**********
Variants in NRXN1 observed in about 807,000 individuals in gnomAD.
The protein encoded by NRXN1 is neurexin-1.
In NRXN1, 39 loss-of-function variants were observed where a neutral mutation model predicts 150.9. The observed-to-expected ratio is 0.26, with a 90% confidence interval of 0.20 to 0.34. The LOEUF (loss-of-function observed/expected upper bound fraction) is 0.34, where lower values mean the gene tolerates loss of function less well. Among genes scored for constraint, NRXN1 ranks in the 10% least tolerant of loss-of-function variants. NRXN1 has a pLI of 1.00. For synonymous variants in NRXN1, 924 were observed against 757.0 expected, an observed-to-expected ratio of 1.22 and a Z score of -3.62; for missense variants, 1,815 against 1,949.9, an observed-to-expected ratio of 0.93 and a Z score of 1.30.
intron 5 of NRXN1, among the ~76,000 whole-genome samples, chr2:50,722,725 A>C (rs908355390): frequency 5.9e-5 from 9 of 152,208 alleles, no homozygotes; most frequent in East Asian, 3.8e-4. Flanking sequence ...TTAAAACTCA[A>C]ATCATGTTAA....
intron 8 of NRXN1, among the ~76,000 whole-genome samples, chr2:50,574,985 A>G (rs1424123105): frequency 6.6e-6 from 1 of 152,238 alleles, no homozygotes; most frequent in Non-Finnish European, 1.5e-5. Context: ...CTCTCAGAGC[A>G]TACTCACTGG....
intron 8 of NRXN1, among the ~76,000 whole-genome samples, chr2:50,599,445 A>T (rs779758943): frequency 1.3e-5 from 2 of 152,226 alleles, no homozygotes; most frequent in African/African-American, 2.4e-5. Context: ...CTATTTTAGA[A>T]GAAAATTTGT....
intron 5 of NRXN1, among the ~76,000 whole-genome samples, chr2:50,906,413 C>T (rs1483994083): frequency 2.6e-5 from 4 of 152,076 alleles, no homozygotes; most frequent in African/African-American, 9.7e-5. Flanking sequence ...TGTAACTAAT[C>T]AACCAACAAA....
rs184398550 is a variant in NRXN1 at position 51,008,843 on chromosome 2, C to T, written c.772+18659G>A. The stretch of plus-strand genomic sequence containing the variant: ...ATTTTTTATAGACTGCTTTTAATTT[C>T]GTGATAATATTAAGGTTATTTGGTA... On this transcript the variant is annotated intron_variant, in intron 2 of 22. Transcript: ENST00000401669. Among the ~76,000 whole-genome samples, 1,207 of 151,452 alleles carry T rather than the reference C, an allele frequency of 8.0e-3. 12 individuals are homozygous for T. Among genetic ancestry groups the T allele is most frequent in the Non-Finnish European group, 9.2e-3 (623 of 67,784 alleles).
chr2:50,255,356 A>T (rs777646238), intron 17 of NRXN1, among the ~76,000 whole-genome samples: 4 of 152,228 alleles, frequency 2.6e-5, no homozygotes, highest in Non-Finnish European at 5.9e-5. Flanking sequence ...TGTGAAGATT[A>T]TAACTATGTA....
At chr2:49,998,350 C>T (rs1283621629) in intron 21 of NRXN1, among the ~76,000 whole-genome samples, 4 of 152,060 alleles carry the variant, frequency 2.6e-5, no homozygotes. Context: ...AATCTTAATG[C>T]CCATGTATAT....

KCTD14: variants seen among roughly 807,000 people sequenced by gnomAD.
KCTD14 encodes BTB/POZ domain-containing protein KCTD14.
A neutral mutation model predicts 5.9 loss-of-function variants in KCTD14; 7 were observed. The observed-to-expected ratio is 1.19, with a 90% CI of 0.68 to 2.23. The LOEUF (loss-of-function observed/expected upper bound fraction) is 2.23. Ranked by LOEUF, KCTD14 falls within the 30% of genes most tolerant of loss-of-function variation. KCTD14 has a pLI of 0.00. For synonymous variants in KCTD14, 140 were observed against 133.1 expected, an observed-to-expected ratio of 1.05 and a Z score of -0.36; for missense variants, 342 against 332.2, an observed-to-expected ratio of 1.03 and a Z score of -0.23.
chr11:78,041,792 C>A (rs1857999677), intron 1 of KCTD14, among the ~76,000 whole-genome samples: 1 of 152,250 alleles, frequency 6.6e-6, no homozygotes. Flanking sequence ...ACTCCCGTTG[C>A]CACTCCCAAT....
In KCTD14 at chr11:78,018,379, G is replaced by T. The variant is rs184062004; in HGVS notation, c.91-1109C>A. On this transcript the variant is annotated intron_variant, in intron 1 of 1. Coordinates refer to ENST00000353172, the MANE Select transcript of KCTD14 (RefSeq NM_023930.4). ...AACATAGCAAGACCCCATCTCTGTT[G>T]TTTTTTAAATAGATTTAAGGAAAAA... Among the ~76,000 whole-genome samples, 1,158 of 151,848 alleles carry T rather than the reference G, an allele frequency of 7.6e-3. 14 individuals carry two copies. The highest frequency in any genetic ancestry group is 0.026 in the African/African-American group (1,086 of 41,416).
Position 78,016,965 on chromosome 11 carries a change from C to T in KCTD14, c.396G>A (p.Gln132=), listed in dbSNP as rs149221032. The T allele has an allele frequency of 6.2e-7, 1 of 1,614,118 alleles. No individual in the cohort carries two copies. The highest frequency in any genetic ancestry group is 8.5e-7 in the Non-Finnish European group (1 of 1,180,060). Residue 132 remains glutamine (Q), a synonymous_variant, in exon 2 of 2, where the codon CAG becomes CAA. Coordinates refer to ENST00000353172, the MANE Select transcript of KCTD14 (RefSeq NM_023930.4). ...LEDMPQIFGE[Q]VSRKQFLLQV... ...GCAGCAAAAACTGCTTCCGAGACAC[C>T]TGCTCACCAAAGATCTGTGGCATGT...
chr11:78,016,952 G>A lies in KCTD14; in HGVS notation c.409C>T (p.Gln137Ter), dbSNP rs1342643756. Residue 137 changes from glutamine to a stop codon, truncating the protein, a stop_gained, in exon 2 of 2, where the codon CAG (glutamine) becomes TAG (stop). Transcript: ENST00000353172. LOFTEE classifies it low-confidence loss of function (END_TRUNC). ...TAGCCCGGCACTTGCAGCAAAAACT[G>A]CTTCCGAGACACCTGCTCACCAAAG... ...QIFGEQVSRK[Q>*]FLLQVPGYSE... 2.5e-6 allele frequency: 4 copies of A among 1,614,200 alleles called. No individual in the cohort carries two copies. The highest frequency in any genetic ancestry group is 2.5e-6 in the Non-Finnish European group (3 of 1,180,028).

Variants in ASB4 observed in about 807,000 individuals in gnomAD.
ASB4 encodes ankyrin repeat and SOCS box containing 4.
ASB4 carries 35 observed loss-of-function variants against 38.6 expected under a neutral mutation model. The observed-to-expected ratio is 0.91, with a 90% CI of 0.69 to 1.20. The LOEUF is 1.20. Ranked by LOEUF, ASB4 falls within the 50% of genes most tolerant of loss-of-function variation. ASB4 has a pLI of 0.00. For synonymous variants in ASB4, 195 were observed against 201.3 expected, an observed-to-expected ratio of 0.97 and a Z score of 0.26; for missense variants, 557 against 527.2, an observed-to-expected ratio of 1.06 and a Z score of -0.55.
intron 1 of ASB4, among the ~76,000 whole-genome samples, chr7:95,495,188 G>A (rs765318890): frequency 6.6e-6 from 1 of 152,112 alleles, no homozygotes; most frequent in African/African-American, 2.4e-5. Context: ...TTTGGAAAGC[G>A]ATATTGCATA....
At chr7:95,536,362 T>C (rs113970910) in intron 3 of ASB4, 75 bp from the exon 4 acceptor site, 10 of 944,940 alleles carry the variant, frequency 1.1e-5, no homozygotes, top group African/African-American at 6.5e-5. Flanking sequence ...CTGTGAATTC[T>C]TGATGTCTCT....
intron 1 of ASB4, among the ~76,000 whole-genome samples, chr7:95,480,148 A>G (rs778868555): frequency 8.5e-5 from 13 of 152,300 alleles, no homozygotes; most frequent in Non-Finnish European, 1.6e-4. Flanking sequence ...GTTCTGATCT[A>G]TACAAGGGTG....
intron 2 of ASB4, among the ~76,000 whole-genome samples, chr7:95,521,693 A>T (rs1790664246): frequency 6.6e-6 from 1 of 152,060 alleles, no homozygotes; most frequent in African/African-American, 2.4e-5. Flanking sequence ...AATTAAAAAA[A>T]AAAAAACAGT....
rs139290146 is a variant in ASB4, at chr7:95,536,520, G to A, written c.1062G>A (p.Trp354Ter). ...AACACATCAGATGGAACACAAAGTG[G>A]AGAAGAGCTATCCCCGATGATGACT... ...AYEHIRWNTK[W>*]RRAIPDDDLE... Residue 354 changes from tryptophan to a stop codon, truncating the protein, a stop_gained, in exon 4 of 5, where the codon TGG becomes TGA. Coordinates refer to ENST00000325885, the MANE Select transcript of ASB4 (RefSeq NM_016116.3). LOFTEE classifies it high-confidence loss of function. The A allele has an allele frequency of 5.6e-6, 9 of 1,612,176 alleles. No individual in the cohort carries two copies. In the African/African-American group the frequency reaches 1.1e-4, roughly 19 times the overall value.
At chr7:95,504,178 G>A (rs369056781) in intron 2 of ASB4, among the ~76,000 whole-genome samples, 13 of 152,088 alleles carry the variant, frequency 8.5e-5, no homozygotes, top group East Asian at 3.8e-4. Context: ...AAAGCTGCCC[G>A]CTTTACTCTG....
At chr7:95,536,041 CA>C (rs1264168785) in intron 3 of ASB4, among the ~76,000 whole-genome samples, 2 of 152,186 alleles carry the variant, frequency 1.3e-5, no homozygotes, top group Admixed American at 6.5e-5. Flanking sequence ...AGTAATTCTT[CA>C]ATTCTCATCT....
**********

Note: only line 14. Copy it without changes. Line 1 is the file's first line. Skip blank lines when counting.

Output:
chr11:78,041,792 C>A (rs1857999677), intron 1 of KCTD14, among the ~76,000 whole-genome samples: 1 of 152,250 alleles, frequency 6.6e-6, no homozygotes. Flanking sequence ...ACTCCCGTTG[C>A]CACTCCCAAT....